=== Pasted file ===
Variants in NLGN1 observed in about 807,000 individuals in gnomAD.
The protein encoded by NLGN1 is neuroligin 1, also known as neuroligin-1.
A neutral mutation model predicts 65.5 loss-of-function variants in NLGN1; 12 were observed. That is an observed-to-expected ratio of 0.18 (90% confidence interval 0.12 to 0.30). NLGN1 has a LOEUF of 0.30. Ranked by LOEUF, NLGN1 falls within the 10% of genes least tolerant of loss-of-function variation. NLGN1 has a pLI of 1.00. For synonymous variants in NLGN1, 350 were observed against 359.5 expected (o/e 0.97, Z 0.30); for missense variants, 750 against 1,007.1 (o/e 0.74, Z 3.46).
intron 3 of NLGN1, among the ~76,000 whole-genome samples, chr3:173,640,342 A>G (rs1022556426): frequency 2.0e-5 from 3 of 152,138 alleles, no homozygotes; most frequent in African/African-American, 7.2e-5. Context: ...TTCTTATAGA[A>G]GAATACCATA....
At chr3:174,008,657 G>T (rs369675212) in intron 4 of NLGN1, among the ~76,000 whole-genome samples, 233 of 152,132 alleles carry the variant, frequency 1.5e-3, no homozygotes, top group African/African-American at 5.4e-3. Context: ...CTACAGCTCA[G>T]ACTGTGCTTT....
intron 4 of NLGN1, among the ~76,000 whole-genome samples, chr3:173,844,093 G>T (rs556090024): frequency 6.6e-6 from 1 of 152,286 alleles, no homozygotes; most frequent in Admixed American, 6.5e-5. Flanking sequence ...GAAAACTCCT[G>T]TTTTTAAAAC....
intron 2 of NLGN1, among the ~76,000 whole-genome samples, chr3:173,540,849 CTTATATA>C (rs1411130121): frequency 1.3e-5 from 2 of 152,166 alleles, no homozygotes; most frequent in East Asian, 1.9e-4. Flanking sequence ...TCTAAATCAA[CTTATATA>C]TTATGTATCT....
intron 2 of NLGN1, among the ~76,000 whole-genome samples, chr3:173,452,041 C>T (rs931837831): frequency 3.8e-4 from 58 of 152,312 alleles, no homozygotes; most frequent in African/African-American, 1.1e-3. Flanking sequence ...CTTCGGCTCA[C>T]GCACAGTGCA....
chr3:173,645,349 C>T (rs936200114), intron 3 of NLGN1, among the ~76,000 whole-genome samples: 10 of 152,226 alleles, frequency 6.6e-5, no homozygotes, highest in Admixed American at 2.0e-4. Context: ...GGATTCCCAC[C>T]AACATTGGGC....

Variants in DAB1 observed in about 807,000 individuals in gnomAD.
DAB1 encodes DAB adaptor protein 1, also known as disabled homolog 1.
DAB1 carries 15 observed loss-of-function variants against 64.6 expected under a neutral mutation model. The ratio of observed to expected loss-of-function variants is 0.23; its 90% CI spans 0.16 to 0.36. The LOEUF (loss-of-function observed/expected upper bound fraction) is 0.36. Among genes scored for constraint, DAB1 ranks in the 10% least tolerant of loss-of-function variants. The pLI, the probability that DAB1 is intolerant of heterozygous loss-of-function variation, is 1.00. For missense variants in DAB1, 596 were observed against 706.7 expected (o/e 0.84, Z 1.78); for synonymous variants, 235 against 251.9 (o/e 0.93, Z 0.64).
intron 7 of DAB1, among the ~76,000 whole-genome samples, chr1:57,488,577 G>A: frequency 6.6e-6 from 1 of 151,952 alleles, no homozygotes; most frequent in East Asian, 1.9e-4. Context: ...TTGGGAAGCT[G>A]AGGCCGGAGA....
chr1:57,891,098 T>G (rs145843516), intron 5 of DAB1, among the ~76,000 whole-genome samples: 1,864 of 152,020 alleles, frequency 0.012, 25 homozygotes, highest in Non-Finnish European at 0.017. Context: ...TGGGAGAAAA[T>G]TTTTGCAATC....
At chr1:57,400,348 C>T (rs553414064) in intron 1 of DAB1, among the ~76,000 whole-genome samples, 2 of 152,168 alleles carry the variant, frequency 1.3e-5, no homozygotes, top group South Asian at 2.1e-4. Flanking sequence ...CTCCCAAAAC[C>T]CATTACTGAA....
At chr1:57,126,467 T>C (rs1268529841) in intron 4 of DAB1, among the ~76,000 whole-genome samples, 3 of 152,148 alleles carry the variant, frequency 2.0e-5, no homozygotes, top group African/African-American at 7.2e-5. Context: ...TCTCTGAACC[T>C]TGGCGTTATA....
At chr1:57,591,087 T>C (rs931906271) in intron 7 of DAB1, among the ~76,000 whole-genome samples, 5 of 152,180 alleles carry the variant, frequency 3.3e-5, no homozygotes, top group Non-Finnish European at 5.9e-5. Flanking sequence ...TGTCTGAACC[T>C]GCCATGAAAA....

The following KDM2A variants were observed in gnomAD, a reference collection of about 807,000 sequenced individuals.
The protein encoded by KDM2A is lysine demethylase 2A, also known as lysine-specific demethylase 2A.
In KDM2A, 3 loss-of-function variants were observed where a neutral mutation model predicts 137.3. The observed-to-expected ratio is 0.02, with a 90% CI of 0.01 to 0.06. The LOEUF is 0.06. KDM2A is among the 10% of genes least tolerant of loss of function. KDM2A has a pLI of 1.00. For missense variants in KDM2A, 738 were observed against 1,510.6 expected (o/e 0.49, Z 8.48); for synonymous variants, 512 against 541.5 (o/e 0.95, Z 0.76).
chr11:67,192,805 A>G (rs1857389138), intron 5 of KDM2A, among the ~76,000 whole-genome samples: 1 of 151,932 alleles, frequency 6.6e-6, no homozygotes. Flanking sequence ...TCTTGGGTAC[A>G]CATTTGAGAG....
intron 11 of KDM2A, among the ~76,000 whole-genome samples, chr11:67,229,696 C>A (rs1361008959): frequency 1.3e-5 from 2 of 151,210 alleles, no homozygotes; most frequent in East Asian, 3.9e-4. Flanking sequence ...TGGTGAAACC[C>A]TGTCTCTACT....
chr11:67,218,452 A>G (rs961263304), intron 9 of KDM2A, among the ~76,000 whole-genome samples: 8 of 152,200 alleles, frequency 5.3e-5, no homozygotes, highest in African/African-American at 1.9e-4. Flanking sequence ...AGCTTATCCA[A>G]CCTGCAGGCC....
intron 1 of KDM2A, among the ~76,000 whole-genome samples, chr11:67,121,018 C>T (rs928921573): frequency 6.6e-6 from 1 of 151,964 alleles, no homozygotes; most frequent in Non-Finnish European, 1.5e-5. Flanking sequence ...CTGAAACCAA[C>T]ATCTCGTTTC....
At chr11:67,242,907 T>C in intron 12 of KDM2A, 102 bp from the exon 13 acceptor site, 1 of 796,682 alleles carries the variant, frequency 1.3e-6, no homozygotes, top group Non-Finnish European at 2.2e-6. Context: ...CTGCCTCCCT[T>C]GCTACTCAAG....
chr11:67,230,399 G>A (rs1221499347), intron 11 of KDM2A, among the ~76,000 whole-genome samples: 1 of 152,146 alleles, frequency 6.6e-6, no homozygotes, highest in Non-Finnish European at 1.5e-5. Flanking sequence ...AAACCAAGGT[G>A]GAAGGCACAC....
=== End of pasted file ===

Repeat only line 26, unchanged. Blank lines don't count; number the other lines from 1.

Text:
chr11:67,230,399 G>A (rs1221499347), intron 11 of KDM2A, among the ~76,000 whole-genome samples: 1 of 152,146 alleles, frequency 6.6e-6, no homozygotes, highest in Non-Finnish European at 1.5e-5. Flanking sequence ...AAACCAAGGT[G>A]GAAGGCACAC....